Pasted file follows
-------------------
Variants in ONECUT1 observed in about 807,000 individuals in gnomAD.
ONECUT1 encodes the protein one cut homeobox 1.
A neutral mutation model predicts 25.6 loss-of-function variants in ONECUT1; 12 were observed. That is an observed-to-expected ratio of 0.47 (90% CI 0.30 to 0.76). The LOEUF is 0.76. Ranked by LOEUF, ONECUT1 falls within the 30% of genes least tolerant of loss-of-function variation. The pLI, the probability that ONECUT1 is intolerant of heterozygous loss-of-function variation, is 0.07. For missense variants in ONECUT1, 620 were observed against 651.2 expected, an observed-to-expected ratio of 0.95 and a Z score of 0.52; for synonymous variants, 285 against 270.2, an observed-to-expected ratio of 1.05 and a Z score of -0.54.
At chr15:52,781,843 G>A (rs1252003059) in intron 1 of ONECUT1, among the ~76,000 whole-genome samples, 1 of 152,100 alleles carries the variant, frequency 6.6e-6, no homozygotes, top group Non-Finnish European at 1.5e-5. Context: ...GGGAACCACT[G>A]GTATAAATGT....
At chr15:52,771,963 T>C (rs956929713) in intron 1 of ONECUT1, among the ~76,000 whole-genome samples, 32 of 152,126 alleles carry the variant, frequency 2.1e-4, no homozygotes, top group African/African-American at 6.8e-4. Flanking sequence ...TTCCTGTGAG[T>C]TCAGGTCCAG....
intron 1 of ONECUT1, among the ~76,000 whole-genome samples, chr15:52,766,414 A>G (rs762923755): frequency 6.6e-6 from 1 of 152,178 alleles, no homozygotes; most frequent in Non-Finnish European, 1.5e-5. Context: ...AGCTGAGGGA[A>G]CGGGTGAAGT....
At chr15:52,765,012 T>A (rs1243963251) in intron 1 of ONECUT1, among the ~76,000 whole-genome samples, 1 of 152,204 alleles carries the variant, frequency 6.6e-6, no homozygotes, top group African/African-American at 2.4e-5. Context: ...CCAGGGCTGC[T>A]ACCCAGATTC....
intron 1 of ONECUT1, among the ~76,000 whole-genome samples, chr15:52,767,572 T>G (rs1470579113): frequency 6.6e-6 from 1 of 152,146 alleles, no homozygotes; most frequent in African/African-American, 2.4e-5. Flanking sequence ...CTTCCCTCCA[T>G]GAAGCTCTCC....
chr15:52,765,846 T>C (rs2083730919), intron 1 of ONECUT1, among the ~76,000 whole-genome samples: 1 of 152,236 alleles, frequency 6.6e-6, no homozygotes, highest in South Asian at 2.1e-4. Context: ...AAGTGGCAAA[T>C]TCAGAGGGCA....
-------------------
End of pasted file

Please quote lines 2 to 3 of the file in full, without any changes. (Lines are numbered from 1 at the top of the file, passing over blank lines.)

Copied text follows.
ONECUT1 encodes the protein one cut homeobox 1.
A neutral mutation model predicts 25.6 loss-of-function variants in ONECUT1; 12 were observed. That is an observed-to-expected ratio of 0.47 (90% CI 0.30 to 0.76). The LOEUF is 0.76. Ranked by LOEUF, ONECUT1 falls within the 30% of genes least tolerant of loss-of-function variation. The pLI, the probability that ONECUT1 is intolerant of heterozygous loss-of-function variation, is 0.07. For missense variants in ONECUT1, 620 were observed against 651.2 expected, an observed-to-expected ratio of 0.95 and a Z score of 0.52; for synonymous variants, 285 against 270.2, an observed-to-expected ratio of 1.05 and a Z score of -0.54.